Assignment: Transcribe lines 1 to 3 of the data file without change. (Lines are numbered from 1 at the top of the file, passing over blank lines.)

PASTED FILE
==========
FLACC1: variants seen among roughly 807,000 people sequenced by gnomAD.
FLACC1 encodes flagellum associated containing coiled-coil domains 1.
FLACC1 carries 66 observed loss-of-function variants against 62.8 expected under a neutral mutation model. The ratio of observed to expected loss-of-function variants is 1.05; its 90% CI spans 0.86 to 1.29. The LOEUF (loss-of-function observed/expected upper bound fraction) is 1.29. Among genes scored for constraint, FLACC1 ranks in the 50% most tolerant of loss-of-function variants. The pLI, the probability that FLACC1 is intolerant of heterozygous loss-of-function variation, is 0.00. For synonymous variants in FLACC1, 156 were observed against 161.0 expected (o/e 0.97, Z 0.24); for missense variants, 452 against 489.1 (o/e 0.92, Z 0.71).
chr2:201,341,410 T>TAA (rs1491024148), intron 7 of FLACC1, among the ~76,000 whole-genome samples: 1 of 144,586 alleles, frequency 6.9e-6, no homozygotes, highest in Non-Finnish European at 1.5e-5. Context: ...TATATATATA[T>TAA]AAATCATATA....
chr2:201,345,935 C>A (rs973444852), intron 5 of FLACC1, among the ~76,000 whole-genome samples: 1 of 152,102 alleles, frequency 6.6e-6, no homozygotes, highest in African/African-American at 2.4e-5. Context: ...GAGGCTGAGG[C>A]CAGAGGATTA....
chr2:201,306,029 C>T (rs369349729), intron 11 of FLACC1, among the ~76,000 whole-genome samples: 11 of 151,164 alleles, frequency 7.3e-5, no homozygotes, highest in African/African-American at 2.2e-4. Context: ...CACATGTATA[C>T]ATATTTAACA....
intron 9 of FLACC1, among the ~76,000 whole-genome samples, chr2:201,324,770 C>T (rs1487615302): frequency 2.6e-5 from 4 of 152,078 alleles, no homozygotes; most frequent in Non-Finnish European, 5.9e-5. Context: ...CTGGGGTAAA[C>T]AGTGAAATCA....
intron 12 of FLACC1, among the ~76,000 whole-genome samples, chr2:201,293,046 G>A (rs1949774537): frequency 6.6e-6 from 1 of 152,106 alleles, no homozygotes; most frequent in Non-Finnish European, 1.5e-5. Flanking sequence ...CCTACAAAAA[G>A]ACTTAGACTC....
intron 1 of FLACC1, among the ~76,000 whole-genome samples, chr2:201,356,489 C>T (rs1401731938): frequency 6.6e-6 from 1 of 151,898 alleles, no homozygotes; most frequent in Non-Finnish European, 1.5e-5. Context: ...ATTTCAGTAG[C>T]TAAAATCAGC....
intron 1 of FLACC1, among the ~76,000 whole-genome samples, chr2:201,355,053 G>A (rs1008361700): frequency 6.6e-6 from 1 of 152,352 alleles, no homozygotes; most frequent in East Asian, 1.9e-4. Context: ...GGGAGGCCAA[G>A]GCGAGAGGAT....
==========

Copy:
FLACC1: variants seen among roughly 807,000 people sequenced by gnomAD.
FLACC1 encodes flagellum associated containing coiled-coil domains 1.
FLACC1 carries 66 observed loss-of-function variants against 62.8 expected under a neutral mutation model. The ratio of observed to expected loss-of-function variants is 1.05; its 90% CI spans 0.86 to 1.29. The LOEUF (loss-of-function observed/expected upper bound fraction) is 1.29. Among genes scored for constraint, FLACC1 ranks in the 50% most tolerant of loss-of-function variants. The pLI, the probability that FLACC1 is intolerant of heterozygous loss-of-function variation, is 0.00. For synonymous variants in FLACC1, 156 were observed against 161.0 expected (o/e 0.97, Z 0.24); for missense variants, 452 against 489.1 (o/e 0.92, Z 0.71).